Dutch permit for Bularians, Romanians and Croatians

Long-term residence in the Netherlands for Croatian nationals

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Croatian citizens who want to live in the Netherlands long-term must apply for verification against EU law and request a certificate of lawful residence.

As Croatia is a newer EU member, some restrictions apply for living and working in the Netherlands.

If you’re a Croatian citizen, you can apply for verification against EU law and obtain a certificate of lawful residence (proof of legal residence) if you want to stay in the Netherlands for more than three months. Before you apply you must register with the personal records database (BRP) in your local municipality and get a citizen service number (burgerservicenummer or BSN), which is needed to register with the tax authorities and you may also be asked for it by your GP, in hospitals and pharmacies. You can find out more information here.

There are also work restrictions for Croatian citizens: you may only work in the Netherlands if your employer has a work permit for you for the first 12 months. After 12 months’ continuous, legal employment, you can work freely in the Netherlands without a permit. These restrictions will be reviewed in 2018 and may remain in place until June 30, 2020.

Conditions for obtaining a certificate of lawful residence

You can apply for verification against EU law if you:

  • work as an employee;
  • are self-employed;
  • work as a service provider/recipient (eg. lawyer);
  • are a student;
  • are not earning an income (but have sufficient financial support).


To request a certificate of lawful residence, you must: 

  • be a Croatian citizen;
  • hold a valid passport/travel ID;
  • be registered in the Dutch Municipal Personal Records Database (BRP);
  • have health insurance;
  • have sufficient funds for your stay, for example, a single person must have EUR 1,135.40 per month – however, this will be reviewed mid-year, so check the latest figures here;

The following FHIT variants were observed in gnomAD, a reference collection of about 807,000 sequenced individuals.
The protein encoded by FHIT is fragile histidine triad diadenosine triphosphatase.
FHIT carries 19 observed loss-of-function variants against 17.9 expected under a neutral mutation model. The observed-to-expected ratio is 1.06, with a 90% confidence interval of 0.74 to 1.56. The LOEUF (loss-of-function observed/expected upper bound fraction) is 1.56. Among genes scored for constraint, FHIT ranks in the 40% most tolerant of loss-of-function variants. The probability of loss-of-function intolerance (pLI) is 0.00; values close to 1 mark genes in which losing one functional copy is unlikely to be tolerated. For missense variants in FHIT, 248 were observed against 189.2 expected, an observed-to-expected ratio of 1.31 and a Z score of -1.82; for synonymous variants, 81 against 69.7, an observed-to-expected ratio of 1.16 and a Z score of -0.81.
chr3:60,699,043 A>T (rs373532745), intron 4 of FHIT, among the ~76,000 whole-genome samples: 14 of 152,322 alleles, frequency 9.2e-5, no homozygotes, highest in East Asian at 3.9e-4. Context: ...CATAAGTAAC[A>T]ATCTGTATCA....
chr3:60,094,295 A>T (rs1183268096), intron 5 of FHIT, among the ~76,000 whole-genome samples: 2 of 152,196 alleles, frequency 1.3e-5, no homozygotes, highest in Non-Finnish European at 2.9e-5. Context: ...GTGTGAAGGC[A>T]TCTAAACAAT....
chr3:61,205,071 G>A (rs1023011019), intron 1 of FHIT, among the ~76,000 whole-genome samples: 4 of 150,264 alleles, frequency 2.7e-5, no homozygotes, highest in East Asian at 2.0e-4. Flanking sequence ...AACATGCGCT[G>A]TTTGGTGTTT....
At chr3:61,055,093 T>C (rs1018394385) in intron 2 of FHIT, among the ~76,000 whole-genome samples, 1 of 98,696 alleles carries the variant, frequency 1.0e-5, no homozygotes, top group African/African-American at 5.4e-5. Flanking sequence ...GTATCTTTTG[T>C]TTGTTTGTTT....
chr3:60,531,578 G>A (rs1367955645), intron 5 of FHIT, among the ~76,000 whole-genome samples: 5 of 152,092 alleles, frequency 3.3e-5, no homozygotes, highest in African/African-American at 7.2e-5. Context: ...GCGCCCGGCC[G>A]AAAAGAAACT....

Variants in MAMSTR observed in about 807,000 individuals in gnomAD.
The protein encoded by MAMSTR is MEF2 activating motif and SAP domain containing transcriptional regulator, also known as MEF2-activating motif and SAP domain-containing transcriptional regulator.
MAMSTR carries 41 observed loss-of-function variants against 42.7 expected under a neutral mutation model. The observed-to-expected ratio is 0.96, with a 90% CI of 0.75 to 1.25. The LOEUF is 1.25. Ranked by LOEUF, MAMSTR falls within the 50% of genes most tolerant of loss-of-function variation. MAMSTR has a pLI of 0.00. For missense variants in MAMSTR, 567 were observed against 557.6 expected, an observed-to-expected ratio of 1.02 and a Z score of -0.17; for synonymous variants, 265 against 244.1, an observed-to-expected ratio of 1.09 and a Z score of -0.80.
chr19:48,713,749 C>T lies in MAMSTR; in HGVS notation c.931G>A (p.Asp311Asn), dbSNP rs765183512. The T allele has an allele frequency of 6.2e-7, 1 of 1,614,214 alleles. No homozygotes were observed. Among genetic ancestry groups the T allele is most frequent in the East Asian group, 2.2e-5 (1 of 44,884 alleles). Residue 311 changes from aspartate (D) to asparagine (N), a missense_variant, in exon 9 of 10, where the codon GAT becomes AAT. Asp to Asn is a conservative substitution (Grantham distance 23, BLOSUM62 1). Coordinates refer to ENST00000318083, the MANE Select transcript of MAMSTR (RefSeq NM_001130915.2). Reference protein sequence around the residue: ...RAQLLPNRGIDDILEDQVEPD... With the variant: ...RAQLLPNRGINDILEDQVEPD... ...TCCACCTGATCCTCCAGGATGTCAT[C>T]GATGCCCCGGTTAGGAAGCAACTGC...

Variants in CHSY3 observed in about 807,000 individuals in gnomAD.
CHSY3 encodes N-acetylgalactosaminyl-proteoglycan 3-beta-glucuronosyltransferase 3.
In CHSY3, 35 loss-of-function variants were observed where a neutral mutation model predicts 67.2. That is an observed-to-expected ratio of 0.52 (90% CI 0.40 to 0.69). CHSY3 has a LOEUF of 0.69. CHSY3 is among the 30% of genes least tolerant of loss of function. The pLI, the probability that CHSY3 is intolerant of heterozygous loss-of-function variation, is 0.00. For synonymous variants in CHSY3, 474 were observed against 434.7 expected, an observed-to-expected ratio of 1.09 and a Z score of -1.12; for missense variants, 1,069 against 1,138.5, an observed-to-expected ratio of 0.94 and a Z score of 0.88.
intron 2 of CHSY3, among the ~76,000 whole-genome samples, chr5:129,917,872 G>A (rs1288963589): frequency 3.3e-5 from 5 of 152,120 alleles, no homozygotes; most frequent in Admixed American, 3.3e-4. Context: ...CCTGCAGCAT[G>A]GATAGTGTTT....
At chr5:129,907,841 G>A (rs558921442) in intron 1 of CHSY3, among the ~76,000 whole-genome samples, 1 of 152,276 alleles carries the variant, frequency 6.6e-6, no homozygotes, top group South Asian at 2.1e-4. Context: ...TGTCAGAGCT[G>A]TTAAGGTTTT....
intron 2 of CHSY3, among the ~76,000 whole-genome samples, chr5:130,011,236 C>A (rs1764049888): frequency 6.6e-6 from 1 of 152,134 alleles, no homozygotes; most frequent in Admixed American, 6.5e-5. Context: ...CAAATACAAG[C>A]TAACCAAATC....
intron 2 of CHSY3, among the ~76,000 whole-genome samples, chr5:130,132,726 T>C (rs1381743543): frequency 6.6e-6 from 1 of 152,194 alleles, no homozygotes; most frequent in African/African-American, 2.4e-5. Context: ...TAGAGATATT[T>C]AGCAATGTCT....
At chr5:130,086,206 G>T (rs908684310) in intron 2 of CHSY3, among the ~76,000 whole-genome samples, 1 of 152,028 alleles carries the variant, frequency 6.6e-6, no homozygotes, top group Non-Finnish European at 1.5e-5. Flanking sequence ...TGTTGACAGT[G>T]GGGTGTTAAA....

• have a work permit (if applicable) organised by your employer for the first 12 months of your stay.

How to apply for verification against EU law

You have to apply in person at your local IND office. Make an appointment by calling the Immigration and Naturalisation Service (IND) on 088 0430 430 from within the Netherlands or +31 88 0430 430 from abroad.  The IND will tell you which documents you need to bring along and where to go.


You will need to take your passport/travel ID, proof that you fulfil the conditions, and other documents related to what you intend to do in the Netherlands, for example:

  • a signed declaration from your employer;
  • a work permit (or the application for one);
  • information relating to self-employment, such as a business plan or bank statements;
  • proof that you've enrolled in a course as a student;
  • proof of means of support and a health insurance policy.

Any copies need to be legalised or authenticated and in Dutch, English, French or German. For information about legalising documents and translation, read how to prepare supporting documents for Dutch visa and permit applications.


You have to complete the form called ‘Application for Verification against EU Law (certificate of lawful residence)'. You can download the form here.


It currently costs EUR 53 to apply, and if your application is refused, you won't get a refund. For more information on the latest fees, see here.


The IND can take up to six months to make their decision.

Once you have the EU certificate of lawful residence


There are still some restrictions on Croatian nationals working in the Netherlands. For the first 12 months of your stay, you may only work if your employer has a work permit for you. After working 12 months of continuously working with a work permit, you can work freely in any sector without a work permit. 

How long does the certificate last?

The certificate is valid for five years. Shortly before it expires the IND will inform you that you can apply for an extension. Find out how you can extend your residence permit.

After five continuous years of residence, you may be eligible to apply for permanent residence for EU citizens. You can find more information in our guide to Dutch permanent residence in the Netherlands.

For more information

The Immigration & Naturalisation Service (IND)

See the IND website for more information and to find your nearest IND desk.

For general and specific queries, you can contact the IND by phone Monday to Friday, 9am–5pm on 088 0430 430 from within the Netherlands or +31 88 0430 430 from abroad.

Immigratie-en Naturalisatiedienst
Postbus 287

The IND's twitter account @IND_NL is also for general queries between Monday to Friday 9am–5pm.



The information given here is for guidance only and you should seek specific advice from the Dutch embassy or consulate in your home country.

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Updated: 2013; 2015.

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